The youth hold the future. The statement holds true to all nations, including Sri Lanka.
The youth in Sri Lanka have potential. They have the ability, but sometimes lack the resources and the support to chase their dreams.
Many lives were lost in the 30 years of conflict. Many left but many stayed back. It has been a rollercoaster ride for Sri Lanka.
But, last week was a proud one for all Sri Lankans, especially the youth as the United Nations Secretary (UN) -General António Guterres appointed our very own Jayathma Wickramanayake as his next Envoy on Youth.
She succeeds Ahmad Alhendawi of Jordan.
The success of the 2030 Agenda for Sustainable Development depends on empowering young people as rights-holders, agents of change and torchbearers.
Wickramanayake is an expert in global youth work having worked extensively with a number of high-level UN initiatives on youth and sustainable development and played a key role in transforming the youth development sector in Sri Lanka.
For the last two years she has been instrumental in creating a large movement for civic and political engagement of young people in Sri Lanka named “Hashtag Generation”. As a possible candidate to the Office of the UN Secretary General’s Envoy on Youth she combines her intimate knowledge of the largest youth demography in the world, with her high-level experience in representing the youth agenda, globally.
Wickramanayake has represented and motivated global youth development on an international level since the age of 21, when she was selected as the first ever Sri Lankan Youth Delegate to the United Nations (UNYD) in the year 2012. She was consequently appointed as a member of the International Youth Task Force for the World Conference on Youth 2014 to ensure inclusive youth engagement in the process and was widely commended for her involvement in advancing the youth agenda in the UN. She was the lead youth negotiator for the Colombo Declaration on mainstreaming youth in the Post 2015 agenda. Wickramanayake later played a key role in establishing the United Nations World Skills Day which was a proposal of Sri Lanka for which she was the lead negotiator and could build on the outcomes of the World Conference on Youth (WCY) 2014. UN World Youth Skills Day giving chance to demonstrate the important role Technical and Vocational Education and Training (TVET) plays to empower young people.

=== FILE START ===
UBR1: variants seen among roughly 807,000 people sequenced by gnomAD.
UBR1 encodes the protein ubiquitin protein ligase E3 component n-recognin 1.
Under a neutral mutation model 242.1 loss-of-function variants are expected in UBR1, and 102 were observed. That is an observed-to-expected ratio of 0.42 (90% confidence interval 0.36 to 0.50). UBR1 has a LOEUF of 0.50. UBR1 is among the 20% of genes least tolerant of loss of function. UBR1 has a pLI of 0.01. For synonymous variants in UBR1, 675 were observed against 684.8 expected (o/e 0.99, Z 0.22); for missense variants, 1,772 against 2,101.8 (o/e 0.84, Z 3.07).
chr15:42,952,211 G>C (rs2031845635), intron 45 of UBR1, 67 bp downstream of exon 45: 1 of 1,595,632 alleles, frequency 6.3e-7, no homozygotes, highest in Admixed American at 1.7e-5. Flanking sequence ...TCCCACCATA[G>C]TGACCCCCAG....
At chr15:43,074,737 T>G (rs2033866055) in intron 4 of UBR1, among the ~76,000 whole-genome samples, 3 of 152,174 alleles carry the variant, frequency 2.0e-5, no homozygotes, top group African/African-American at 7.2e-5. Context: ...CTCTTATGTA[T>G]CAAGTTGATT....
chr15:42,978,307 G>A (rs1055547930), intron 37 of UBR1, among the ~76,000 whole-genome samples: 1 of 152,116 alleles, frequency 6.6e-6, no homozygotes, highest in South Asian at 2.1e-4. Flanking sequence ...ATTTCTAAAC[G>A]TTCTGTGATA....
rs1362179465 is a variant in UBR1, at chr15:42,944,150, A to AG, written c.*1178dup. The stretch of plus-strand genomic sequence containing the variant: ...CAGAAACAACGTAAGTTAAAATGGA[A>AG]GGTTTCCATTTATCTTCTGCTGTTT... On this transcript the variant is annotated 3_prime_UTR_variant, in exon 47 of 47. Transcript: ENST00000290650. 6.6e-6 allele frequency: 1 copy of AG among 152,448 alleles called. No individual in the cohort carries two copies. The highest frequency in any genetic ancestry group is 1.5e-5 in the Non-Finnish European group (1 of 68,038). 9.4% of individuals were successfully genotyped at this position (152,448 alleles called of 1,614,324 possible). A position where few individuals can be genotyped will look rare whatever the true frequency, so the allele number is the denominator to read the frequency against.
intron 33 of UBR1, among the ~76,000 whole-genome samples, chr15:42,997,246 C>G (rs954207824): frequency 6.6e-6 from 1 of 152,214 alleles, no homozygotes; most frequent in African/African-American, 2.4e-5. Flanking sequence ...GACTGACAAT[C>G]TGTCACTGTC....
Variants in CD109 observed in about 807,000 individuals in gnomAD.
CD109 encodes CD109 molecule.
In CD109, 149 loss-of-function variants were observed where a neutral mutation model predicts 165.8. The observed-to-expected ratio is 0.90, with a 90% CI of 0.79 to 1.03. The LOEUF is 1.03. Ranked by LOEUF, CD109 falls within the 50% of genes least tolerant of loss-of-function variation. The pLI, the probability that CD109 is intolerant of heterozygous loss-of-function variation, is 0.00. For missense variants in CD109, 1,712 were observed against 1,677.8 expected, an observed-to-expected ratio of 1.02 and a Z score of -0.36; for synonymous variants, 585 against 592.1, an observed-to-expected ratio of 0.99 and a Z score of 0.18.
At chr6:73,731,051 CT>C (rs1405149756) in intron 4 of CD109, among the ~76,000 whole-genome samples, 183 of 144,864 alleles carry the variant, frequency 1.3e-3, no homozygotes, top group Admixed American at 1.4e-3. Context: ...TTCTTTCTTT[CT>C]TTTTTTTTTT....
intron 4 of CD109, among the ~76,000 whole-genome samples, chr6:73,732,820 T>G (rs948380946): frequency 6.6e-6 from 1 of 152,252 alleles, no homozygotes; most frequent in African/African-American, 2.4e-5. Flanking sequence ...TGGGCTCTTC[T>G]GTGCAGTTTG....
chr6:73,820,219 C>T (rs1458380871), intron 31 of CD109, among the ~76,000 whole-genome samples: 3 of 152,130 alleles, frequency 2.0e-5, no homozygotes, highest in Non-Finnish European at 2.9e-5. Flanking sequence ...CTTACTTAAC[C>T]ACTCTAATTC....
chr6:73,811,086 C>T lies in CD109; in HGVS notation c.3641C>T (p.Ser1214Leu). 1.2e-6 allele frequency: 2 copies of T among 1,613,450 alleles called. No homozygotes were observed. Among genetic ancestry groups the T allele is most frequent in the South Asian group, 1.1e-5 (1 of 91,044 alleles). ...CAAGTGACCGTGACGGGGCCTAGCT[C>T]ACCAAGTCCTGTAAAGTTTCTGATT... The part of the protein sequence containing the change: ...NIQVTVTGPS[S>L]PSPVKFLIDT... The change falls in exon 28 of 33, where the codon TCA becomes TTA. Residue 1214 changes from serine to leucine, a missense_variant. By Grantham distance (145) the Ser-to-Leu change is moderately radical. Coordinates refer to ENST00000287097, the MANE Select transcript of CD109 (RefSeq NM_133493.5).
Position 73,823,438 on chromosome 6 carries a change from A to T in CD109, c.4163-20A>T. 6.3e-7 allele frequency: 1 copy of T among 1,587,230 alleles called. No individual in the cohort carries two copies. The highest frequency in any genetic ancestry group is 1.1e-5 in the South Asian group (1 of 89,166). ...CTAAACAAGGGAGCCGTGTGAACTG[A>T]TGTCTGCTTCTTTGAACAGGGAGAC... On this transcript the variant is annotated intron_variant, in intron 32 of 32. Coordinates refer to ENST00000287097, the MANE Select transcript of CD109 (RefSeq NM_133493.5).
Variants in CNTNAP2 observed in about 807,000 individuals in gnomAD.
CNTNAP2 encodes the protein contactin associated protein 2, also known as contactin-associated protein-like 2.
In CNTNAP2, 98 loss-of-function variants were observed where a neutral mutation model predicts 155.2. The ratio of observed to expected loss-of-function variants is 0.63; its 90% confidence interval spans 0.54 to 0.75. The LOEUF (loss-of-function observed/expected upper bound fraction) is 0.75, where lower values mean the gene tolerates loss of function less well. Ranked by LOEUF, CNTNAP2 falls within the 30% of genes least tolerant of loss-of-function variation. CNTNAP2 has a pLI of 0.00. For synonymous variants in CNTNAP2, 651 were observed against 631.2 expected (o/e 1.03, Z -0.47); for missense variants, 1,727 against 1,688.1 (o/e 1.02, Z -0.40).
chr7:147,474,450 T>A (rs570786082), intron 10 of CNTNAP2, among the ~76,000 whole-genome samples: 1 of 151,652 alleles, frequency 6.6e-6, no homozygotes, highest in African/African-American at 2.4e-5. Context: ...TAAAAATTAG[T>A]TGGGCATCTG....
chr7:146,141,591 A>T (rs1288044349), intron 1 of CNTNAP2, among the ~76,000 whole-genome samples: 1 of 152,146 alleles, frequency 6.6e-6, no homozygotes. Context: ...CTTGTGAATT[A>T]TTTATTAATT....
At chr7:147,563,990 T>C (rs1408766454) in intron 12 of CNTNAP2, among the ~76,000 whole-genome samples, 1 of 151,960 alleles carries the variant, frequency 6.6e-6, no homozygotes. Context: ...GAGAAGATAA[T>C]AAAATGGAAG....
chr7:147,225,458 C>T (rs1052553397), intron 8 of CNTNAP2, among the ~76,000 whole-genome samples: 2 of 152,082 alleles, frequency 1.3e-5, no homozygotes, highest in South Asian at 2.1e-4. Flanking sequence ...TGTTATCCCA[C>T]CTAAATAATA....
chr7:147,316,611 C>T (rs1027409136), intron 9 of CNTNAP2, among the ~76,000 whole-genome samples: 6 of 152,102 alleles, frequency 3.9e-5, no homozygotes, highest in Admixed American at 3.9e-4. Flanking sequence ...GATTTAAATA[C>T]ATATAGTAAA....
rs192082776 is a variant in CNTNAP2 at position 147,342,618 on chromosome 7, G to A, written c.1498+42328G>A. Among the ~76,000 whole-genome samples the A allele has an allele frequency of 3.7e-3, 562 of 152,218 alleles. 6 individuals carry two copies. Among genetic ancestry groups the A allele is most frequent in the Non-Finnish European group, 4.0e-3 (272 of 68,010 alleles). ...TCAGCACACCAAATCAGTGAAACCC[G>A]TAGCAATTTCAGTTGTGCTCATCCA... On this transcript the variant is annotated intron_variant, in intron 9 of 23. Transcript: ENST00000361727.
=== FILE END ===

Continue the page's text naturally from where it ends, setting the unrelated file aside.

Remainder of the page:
Since January 2017, Wickramanayake works at Sri Lanka Institute for Development Administration as part of her public service career where she is being trained on Public Policy, Public Management, Public Administration and Development Administration.
She has previously served as Secretary to the Secretary General of the Parliament of Sri Lanka (2016-2017), Project Officer-Youth, One-Text Initiative in Sri Lanka (2015-2016), Member and Youth Lead Negotiator, International Youth Task Force of the World Conference on Youth 2014 (2013-2014) and Official Youth Delegate to the United Nations, Ministry of Youth Affairs and Skills Development (2012-2013). She was furthermore a Senator in the Sri Lankan Youth Parliament (2013-2015).
“I’m here because I was fortunate enough to utilize the opportunities that were made available to me as a Sri Lankan. I am someone who benefitted from the Free Education system, from Grade 1 – 13 and then in university. So, I’m very much obliged to the people of Sri Lanka for the opportunities that were given to me as a young woman from a rural area,” Wickramanayake was much grateful to everyone that has contributed in creating her path.
She was born in Bentota and initially schooled at Sangamiththa Vidyalaya in Aluthgama until the scholarship exams at which point she could enter Visakha Vidyalaya. Wickramanayake is reading for Master of Development Studies, at the University of Colombo and holds a Bachelor degree in Science, from the same university. “These opportunities were made available to me by the people of Sri Lanka from the money of the tax payer,” she added.
Today she represents young people from across the globe. She is a testament to what a young Asian woman can achieve if she’s empowered. “If you have a will then you will have a way,” she brought out the message that she wants to send across to other young women in the world, who are dreaming of becoming something big.
“Facing the challenges that you must inevitably face being a woman in today’s world and enjoying being a successful change-maker globally, the sense of responsibility I have to work for others is due to the cultural environment that I grew up in,” Wickramanayke said.
Wickramanayake mentioned that bringing people together is something she personally loves. She likes creating movements and platforms that bring different stakeholders together. Resulting she has worked with certain Non-Governmental Organizations in Sri Lanka to bring young political party leaders together in order to bring recommendations for reconciliation and constitutional reform. She has been working on this specialty in conflict affected areas, getting Tamil speaking young politicians to work together with their Sinhalese speaking counterparts in Sri Lanka over the last year. As she mentioned that experience also has helped her shaping her profile in receiving this appointment as someone who advocates for conflict prevention in the long run.